Second, are we capable of transitioning to a social media campaign governed by tricky algorithms? These platforms are designed for commerce, not for democratic participation. Do we have a significant budget for marketing? Do we have connections to celebrities and/or droves of data analysts? In other words, do we have a chance of reaching anyone beyond our bubble? We did not have these resources and thus ran a risk of being ineffective if we did not make an effort to bridge our online efforts with offline actions.
Finally, whom do we want to include in the protest? Not everyone has Internet access (think of the digital divide) nor social media accounts. For those who do: How reluctant are they to share a selfie and personal data with notorious tech giants? As a result of this questioning, we aimed to open participation up even to people who did not use social media, while respecting privacy rights (by keeping the data anonymous and not requiring people to post on their social media accounts).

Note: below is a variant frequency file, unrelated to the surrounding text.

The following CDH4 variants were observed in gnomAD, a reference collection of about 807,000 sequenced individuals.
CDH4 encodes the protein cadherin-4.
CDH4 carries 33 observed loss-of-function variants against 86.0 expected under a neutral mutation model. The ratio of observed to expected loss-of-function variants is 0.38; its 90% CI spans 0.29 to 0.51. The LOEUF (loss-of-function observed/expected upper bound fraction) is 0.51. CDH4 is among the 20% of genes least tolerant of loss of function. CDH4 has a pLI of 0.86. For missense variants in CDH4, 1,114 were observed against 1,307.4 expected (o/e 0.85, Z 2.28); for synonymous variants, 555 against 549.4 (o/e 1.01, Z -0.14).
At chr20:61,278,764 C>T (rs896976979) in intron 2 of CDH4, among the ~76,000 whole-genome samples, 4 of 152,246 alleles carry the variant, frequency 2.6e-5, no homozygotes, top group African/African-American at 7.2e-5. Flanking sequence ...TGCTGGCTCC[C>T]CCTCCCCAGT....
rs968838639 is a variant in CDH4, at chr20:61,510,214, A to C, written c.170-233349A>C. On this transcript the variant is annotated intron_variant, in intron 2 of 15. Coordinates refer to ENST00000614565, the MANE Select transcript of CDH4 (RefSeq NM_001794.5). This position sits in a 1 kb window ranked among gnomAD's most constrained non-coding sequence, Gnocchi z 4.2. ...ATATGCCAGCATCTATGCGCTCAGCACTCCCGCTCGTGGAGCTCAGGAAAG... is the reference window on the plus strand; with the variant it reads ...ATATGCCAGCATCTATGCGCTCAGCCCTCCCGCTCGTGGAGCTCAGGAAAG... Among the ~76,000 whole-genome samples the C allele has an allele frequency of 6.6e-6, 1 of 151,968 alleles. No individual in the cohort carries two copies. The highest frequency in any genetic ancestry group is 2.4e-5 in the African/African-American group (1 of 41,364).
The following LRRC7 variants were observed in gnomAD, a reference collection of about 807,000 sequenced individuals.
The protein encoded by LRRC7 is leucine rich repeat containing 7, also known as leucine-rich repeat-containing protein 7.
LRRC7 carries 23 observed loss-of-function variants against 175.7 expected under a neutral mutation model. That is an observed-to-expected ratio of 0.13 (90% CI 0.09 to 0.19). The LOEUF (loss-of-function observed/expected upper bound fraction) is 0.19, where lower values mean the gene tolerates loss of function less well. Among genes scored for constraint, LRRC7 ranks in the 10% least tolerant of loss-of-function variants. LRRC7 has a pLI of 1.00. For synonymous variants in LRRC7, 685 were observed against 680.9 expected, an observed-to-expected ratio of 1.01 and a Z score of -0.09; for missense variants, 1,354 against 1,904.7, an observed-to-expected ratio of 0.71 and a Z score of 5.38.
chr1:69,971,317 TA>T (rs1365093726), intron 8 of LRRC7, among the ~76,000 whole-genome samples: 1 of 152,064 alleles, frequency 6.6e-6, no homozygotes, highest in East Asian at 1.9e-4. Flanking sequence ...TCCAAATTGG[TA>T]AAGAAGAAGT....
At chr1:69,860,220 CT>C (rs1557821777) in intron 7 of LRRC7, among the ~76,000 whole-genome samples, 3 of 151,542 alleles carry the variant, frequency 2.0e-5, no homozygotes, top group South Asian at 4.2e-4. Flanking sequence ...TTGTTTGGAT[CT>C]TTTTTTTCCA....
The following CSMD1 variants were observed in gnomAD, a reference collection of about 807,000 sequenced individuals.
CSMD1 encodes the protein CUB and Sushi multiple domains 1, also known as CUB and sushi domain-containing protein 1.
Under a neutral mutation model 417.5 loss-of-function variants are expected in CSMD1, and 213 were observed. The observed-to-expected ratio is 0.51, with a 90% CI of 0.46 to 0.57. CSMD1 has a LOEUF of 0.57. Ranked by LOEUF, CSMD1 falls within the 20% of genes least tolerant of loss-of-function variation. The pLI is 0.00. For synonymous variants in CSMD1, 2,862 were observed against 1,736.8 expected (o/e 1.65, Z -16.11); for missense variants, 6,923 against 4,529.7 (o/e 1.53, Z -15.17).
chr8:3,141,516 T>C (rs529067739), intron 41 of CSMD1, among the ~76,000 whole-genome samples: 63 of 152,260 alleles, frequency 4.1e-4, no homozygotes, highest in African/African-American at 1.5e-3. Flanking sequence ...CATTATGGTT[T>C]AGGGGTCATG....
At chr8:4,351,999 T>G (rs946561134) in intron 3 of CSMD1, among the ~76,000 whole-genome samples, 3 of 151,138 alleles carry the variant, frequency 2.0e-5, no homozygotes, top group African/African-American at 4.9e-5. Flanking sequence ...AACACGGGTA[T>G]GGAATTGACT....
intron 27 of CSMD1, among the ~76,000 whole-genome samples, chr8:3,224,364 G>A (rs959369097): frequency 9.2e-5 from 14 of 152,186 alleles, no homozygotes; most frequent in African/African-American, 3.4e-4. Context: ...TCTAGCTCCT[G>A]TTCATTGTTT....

The concept of peopleless protests responds to these preconditions and we implemented it through the campaign ‘Silhouettes of Solidarity.’ As campaign organizers, we opted for silhouettes as the symbol, a very graphical representation of the human protester. We scheduled the campaign to end on March 26th and used a map to create the virtual assembly. We compiled two how-to clips, coalesced with partner NGOs, and spread the word (social media and through our partner organizations word-of-mouth and newsletters. We also phoned people we know and explained the idea). Participants could upload their silhouettes directly to our map, email them to us, or share them with us on social media.